“The biggest role I have now is how to motivate the 80% of people that are at home at the moment,” Eugenio Pirri, chief culture and people officer at international luxury hotel group Dorchester Collection, told me ahead of a live webcast with The People Space today.
With nearly all the employee population furloughed in a sector that is likely to be one of the last to return to some ‘normality’, whatever that may mean going forward, engagement and safety are top of mind for Pirri.
Register to hear his insights, tips and techniques today on:
- Making the right decision in a business that went from multi-million revenue to zero in a few weeks
- Maintaining learning and development through difficult times
- Engaging through volunteering
- Tips for helping employees with mental health and wellbeing
- What needs to be in your employee toolkit to help them through COVID-19
- What return to work will look like in hospitality
- Plus, get exclusive downloadable resources during the live webcast
Pirri is talking as governments across the world start to relax lockdowns, with mixed results. In the UK, prime minister Boris Johnson last night said people who could not work from home – including those in the manufacturing and construction industries – should return to the workplace but avoid public transport.
This led to professor Trish Greenhalgh, a health care expert from the University of Oxford, telling the BBC that we could find ourselves in the "worst of both words" by both trying to move forward and kickstart the economy) while maintaining the lockdown is effectively still in place. It’s the "have cake and eat it" approach, she says.
Employees appear to agree. According to research released on Saturday from the UK’s CIPD, 44% of employees feel anxious about returning to their workplace because of COVID-19. This comes hot on the heels of research from Ipsos Mori showing more than 60% of would be uncomfortable about going to bars and restaurants, or using public transport; some 40% would be reluctant to go shopping or send their children back to school; and more than 30% are worrying about going to work or meeting friends. It is clear that managing the next phase of the pandemic is going to be challenging.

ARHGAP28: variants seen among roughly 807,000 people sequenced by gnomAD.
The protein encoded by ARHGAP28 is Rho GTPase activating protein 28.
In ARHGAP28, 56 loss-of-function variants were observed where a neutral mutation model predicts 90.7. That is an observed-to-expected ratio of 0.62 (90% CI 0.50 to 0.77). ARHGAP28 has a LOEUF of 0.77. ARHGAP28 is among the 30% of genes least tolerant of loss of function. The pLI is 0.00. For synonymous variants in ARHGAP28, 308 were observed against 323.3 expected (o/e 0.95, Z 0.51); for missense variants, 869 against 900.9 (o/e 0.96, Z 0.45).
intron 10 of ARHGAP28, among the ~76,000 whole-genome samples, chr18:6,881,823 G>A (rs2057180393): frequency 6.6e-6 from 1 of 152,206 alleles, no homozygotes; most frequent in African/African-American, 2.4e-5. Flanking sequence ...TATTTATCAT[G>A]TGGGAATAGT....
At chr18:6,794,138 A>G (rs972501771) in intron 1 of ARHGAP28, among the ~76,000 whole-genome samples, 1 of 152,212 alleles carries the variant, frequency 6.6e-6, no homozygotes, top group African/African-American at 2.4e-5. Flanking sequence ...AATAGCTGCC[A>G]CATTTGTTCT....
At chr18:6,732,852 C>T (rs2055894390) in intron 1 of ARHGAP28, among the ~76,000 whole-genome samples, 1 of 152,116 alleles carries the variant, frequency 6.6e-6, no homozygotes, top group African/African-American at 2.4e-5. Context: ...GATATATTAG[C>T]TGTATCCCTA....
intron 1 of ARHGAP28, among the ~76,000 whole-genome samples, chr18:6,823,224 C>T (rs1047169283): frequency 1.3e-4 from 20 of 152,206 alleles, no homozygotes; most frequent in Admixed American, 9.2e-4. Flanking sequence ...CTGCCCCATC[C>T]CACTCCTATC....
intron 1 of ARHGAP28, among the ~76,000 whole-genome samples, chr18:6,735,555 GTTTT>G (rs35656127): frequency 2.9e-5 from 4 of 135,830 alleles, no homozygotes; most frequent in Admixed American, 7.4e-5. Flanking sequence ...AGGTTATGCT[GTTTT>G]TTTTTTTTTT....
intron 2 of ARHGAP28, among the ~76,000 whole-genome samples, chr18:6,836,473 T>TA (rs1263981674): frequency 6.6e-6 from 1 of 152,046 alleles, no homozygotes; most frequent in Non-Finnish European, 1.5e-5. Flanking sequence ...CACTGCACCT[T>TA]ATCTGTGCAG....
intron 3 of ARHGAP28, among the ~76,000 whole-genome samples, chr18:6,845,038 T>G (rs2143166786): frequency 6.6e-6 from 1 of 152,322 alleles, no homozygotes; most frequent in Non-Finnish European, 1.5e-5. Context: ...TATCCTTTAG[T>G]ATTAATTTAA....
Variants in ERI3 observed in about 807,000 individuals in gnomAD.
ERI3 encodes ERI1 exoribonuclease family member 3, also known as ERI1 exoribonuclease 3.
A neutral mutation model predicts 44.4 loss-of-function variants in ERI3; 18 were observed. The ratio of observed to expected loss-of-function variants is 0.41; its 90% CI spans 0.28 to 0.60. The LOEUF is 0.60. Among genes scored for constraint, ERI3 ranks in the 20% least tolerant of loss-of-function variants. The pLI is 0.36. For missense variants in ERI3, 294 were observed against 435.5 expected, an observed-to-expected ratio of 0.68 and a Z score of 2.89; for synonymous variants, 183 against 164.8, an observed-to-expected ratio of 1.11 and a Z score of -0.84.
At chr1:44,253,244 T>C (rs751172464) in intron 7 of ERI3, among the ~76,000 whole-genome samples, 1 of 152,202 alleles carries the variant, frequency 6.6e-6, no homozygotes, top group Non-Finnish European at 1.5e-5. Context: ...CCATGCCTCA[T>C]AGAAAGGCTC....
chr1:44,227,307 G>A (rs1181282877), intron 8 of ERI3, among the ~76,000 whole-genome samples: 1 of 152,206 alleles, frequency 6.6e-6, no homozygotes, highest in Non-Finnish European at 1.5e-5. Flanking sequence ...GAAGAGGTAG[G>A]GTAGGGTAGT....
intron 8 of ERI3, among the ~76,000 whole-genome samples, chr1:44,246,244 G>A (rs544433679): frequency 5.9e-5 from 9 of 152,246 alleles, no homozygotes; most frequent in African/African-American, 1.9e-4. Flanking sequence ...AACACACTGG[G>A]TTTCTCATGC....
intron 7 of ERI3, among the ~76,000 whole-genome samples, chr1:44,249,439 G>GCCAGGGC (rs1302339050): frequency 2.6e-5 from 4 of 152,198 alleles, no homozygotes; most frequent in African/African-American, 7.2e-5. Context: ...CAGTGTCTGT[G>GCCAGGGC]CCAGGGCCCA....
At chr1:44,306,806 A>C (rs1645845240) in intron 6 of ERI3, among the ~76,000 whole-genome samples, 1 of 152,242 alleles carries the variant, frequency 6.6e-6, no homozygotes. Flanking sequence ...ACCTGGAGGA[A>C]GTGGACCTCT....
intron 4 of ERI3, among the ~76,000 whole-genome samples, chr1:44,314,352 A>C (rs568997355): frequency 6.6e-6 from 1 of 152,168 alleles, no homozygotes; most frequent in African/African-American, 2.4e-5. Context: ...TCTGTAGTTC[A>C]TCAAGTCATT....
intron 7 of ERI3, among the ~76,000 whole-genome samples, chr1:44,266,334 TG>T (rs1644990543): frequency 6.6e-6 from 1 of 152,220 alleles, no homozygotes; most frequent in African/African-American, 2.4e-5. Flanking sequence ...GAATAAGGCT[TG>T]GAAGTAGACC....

Given this, how can HR start to prepare for return-to-work across different sectors? What techniques in terms of communication, remote working, health and wellbeing and leadership are working for them in this new environment – and which are not?
How is HR dealing with the accelerated nature of work change, and how are employers pivoting their businesses? How is HR helping furloughed workers use their time productively and keep their skills sharp? How can you protect your employer brand? And what are HR leaders’ own coping mechanisms during this challenging time?
These are all questions I will be putting to some of the best HR leaders in their sectors over a series of focused, daily webcasts we are running at The People Space this week in conjunction with management consultancy 10Eighty (11-15 May, 16.00 BST/11.00 ET). These are designed to give attendees practical, actionable tips and insights directly from those ‘doing the job’.
In advance of the sessions, I spoke to the participants to get their views on the impact COVID-19 is having on them, their HR functions and their organisations.
Nalin Miglani, EVP and CHRO of $1bn revenue New York-based operations management and analytics company EXL, says he suddenly realised that the crisis had resulted in the building of a whole new HR organisation. In fact, EXL has seen productivity increase over the period of the pandemic as it shifted some 25,000 people to remote working.
One key outcome of the crisis has been the widespread recognition of the value of those so called ‘low-skilled’ workers who have been so essential to enable society to function. Quite rightly we are visibly and volubly acknowledging NHS workers and, somewhat belatedly, carers, but there are also all those in retail, distribution and warehousing who enable us to continue to get food and other essentials. As organisational development director at one of the world’s largest fresh produce providers, €6bn revenue Total Produce, David Frost tells me, his role has become one of “communication conduit”. With many of its employees still working, health and safety is of upmost importance.
At the other extreme, award-winning UK pub and microbrewery chain Brewhouse and Kitchen has shut its doors entirely. Hayley Connor, head of people and learning, says keeping talent staff motivated is front of her mind, together with developing ways to help people prepare and plan for continued uncertainty.
What is clear is this pandemic has accelerated change in business and HR. What will the post-pandemic economy look like? Yes, many are calling for a return to ‘normal’ as quickly as possible. But I would like to think we won’t just go back to the ‘old ways of doing things’.
We have an opportunity to use this situation for long-term transformation. Just as it is unlikely consumers will ditch new purchase behaviours (think online shopping and streaming), so employees are unlikely to want to go back to these old ways of working. And as we know, those companies that capitalise on these new trends faster than their competition will be the winners.
Michael Moran, CEO and founder of 10Eighty who I am interviewing on Friday 15 May, believes COVID-19 has unleashed the power of people. “If we try to go back to the old ways of working we’ll face a people revolution,” he says. Vive Le Revolution!